As the winter season—and the frigid conditions that accompany it—officially concludes, construction employers like you can start preparing for spring projects. Nevertheless, spring weather comes with its own set of risks. After all, this season is often the most difficult to navigate in the scope of working outdoors. Between fluctuating temperatures, frequent rain showers, fog, heavy winds and lightning concerns, it’s important to be aware of spring-related hazards and how to best protect your workforce from these seasonal issues. As such, consider these worksite safety considerations for spring:
- Encourage staff to be prepared. While spring mornings can still entail brisk temperatures, conditions often become significantly warmer by the afternoon—making it tricky for employees to decide what to wear to work. With this in mind, instruct your staff to dress in light, breathable layers that can be removed as temperatures rise. Further, remind employees to routinely apply sunscreen, drink plenty of water throughout the day and always have a rain jacket at the worksite in case showers occur.
- Ensure adequate personal protective equipment (PPE). Effective PPE is a critical element of protecting staff from spring elements. Specifically, employees should have slip- and water-resistant boots to stay safe in wet conditions, reflective vests to remain visible in fog, and safety glasses or goggles that block the sun’s harmful rays. Consider offering anti-fog spray at the worksite to help staff keep their eyewear clear as well.
- Keep equipment clean. Exposure to rain and mud can have detrimental effects on worksite equipment—decreasing vehicle traction, clogging machines with debris buildup and contributing to rust on various tools. To keep equipment safe and operational in these conditions, be sure to clean it on a routine basis (in accordance with the manufacturer’s instructions) and store it in a secure location when not in use. Equipment should also be on a regular inspection and maintenance schedule.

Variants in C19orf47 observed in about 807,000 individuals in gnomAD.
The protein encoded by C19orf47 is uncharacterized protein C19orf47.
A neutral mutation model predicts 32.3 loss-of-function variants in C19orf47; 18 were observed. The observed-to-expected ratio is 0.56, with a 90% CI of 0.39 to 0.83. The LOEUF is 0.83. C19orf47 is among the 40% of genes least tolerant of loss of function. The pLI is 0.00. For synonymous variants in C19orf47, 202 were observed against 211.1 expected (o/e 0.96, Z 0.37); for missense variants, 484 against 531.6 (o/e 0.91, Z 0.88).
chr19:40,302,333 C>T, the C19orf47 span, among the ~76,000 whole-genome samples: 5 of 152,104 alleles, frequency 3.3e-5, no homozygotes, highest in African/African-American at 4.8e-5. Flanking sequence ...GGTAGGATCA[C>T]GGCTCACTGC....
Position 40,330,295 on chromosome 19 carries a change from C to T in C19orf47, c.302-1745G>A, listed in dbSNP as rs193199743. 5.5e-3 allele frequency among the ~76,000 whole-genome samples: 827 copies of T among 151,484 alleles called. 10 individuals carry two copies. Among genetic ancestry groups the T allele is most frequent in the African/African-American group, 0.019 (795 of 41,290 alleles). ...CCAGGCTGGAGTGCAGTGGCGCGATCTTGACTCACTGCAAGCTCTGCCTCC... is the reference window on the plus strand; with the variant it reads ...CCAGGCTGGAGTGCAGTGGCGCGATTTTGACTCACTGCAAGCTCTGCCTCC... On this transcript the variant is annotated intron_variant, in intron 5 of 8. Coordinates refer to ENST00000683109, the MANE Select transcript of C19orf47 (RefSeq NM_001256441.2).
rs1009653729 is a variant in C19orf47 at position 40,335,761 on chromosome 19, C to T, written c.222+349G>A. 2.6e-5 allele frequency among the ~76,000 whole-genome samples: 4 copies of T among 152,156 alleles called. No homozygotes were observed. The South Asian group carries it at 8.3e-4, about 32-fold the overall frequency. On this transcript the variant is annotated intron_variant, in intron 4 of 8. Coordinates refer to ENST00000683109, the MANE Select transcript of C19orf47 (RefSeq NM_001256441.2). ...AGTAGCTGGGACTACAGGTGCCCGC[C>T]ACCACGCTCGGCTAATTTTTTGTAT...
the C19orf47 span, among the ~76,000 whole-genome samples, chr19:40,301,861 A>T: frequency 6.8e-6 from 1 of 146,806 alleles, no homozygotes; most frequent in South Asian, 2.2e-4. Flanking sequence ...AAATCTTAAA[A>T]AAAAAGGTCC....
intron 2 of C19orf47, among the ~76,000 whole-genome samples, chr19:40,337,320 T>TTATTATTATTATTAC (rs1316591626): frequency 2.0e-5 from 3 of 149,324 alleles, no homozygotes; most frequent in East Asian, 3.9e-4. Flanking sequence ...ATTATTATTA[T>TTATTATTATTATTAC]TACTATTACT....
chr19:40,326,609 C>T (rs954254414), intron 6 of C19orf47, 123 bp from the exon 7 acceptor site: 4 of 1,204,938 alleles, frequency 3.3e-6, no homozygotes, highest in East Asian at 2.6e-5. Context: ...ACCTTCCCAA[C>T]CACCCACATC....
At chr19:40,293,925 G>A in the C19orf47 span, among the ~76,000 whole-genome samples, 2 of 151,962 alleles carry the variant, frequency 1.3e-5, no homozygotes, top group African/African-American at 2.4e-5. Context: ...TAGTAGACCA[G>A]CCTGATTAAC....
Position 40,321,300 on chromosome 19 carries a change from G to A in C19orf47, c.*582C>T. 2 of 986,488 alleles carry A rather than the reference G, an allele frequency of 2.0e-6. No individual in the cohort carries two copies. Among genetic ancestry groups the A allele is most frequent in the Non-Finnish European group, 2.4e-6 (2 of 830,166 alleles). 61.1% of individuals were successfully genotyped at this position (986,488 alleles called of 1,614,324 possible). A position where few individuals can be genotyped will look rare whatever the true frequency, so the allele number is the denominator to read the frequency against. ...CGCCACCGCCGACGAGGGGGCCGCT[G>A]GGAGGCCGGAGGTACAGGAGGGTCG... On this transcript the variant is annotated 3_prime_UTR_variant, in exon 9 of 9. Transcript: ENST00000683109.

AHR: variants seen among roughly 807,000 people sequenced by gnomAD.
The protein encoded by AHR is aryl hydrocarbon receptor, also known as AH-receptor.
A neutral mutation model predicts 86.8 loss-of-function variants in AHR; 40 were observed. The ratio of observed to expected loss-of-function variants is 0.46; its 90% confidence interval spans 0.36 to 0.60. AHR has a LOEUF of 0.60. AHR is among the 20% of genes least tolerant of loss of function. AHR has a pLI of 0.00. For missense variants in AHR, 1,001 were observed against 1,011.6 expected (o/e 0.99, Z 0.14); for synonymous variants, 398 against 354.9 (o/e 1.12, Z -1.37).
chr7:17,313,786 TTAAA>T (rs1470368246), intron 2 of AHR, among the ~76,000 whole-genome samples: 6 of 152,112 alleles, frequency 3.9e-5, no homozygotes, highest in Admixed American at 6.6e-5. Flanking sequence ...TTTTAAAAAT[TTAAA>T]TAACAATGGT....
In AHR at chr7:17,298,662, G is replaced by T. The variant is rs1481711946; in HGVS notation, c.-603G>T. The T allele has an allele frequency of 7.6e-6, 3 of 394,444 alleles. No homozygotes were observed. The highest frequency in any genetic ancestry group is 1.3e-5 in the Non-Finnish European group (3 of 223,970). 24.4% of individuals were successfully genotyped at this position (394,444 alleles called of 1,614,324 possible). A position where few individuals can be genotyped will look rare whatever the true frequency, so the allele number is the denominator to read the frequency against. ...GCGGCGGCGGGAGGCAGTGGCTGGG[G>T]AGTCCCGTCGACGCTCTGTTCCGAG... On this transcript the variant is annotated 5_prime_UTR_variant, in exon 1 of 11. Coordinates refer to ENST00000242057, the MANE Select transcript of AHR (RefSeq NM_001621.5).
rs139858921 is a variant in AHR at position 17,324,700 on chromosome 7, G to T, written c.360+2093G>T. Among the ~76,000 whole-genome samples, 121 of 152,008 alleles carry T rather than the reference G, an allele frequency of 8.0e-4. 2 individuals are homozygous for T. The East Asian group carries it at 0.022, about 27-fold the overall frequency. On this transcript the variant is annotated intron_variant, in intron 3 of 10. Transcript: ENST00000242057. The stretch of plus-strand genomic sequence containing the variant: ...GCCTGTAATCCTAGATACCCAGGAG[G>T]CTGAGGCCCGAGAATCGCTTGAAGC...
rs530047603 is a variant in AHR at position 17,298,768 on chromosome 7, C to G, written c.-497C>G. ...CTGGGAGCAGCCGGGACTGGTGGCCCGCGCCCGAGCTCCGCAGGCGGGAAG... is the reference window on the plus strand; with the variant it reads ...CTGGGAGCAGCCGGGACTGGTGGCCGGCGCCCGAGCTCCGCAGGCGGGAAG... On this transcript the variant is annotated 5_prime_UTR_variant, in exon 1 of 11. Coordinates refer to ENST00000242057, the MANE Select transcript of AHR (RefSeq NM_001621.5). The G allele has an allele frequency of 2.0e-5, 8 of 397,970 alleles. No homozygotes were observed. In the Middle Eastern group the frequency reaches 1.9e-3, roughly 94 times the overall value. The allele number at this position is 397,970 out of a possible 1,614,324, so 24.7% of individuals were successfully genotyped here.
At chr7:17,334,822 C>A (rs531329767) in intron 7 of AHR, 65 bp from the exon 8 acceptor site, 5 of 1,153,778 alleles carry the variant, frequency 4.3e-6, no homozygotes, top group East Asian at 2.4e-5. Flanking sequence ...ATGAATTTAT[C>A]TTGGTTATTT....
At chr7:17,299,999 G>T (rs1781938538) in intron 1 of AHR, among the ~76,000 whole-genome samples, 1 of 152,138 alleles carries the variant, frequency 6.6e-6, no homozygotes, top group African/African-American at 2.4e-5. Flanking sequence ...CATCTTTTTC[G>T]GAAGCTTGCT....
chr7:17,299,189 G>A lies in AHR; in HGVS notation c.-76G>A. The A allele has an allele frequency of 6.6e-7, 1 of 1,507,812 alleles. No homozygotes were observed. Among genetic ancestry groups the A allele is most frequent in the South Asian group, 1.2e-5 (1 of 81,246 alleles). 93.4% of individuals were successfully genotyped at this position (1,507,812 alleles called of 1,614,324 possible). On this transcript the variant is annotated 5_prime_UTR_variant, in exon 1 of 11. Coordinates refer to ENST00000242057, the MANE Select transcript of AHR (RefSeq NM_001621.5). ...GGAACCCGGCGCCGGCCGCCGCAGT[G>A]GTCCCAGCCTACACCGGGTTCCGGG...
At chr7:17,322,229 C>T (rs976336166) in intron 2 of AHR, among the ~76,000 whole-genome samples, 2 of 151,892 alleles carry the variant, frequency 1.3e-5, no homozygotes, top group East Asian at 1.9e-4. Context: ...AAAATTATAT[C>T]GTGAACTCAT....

- Establish a lightning response plan. The combination of rain, lightning and electrical equipment at the worksite can be extremely dangerous, making employees vulnerable to electric shock hazards. As a result, make sure you train your staff on electrical safety protocols and proper lockout/tagout procedures. In the event that thunder or lightning occurs, employees should be instructed to stay away from any metal items or structures (including scaffolds).
- Prioritize trench and excavation safety. Spring often signals the start of earthmoving season. Before such projects begin, give your employees a refresher on trench and excavation safety measures, and review plans for protective systems. Remember that trenches must be inspected daily by the designated competent person to ensure they are safe for entry—especially in wet conditions.
For more industry-specific risk management guidance, contact CMR today.
Source – Zywave, Inc.